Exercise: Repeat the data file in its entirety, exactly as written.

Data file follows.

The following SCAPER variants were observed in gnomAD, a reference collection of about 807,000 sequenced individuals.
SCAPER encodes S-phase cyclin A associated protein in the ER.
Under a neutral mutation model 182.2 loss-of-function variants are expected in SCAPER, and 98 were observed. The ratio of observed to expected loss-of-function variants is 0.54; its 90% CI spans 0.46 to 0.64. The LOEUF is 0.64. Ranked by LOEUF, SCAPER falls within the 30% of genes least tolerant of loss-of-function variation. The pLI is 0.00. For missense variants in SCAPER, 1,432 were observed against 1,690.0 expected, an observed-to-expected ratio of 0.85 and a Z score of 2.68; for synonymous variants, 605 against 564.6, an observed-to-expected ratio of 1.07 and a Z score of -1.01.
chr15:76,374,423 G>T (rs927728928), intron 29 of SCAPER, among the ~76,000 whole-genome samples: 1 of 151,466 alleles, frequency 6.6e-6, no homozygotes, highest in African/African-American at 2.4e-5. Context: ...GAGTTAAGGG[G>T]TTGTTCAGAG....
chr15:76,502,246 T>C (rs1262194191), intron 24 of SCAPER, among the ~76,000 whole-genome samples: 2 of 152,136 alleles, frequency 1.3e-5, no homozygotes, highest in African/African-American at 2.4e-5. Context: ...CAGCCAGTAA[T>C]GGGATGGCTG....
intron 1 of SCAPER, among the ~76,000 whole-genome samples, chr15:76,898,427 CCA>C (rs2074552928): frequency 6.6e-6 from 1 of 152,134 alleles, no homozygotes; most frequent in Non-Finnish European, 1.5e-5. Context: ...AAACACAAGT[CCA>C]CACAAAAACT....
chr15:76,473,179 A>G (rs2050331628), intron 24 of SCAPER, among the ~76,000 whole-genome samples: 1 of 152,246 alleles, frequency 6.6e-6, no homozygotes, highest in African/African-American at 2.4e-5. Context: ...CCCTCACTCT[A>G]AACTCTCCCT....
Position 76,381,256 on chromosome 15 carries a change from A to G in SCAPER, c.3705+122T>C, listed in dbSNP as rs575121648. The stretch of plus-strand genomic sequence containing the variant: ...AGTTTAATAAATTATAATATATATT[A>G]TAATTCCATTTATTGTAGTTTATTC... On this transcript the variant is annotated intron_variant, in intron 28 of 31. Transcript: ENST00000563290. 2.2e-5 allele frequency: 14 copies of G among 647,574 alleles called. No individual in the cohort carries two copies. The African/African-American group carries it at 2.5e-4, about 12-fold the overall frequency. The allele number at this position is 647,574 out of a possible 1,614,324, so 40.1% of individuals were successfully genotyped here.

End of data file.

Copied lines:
The following SCAPER variants were observed in gnomAD, a reference collection of about 807,000 sequenced individuals.
SCAPER encodes S-phase cyclin A associated protein in the ER.
Under a neutral mutation model 182.2 loss-of-function variants are expected in SCAPER, and 98 were observed. The ratio of observed to expected loss-of-function variants is 0.54; its 90% CI spans 0.46 to 0.64. The LOEUF is 0.64. Ranked by LOEUF, SCAPER falls within the 30% of genes least tolerant of loss-of-function variation. The pLI is 0.00. For missense variants in SCAPER, 1,432 were observed against 1,690.0 expected, an observed-to-expected ratio of 0.85 and a Z score of 2.68; for synonymous variants, 605 against 564.6, an observed-to-expected ratio of 1.07 and a Z score of -1.01.
chr15:76,374,423 G>T (rs927728928), intron 29 of SCAPER, among the ~76,000 whole-genome samples: 1 of 151,466 alleles, frequency 6.6e-6, no homozygotes, highest in African/African-American at 2.4e-5. Context: ...GAGTTAAGGG[G>T]TTGTTCAGAG....
chr15:76,502,246 T>C (rs1262194191), intron 24 of SCAPER, among the ~76,000 whole-genome samples: 2 of 152,136 alleles, frequency 1.3e-5, no homozygotes, highest in African/African-American at 2.4e-5. Context: ...CAGCCAGTAA[T>C]GGGATGGCTG....
intron 1 of SCAPER, among the ~76,000 whole-genome samples, chr15:76,898,427 CCA>C (rs2074552928): frequency 6.6e-6 from 1 of 152,134 alleles, no homozygotes; most frequent in Non-Finnish European, 1.5e-5. Context: ...AAACACAAGT[CCA>C]CACAAAAACT....
chr15:76,473,179 A>G (rs2050331628), intron 24 of SCAPER, among the ~76,000 whole-genome samples: 1 of 152,246 alleles, frequency 6.6e-6, no homozygotes, highest in African/African-American at 2.4e-5. Context: ...CCCTCACTCT[A>G]AACTCTCCCT....
Position 76,381,256 on chromosome 15 carries a change from A to G in SCAPER, c.3705+122T>C, listed in dbSNP as rs575121648. The stretch of plus-strand genomic sequence containing the variant: ...AGTTTAATAAATTATAATATATATT[A>G]TAATTCCATTTATTGTAGTTTATTC... On this transcript the variant is annotated intron_variant, in intron 28 of 31. Transcript: ENST00000563290. 2.2e-5 allele frequency: 14 copies of G among 647,574 alleles called. No individual in the cohort carries two copies. The African/African-American group carries it at 2.5e-4, about 12-fold the overall frequency. The allele number at this position is 647,574 out of a possible 1,614,324, so 40.1% of individuals were successfully genotyped here.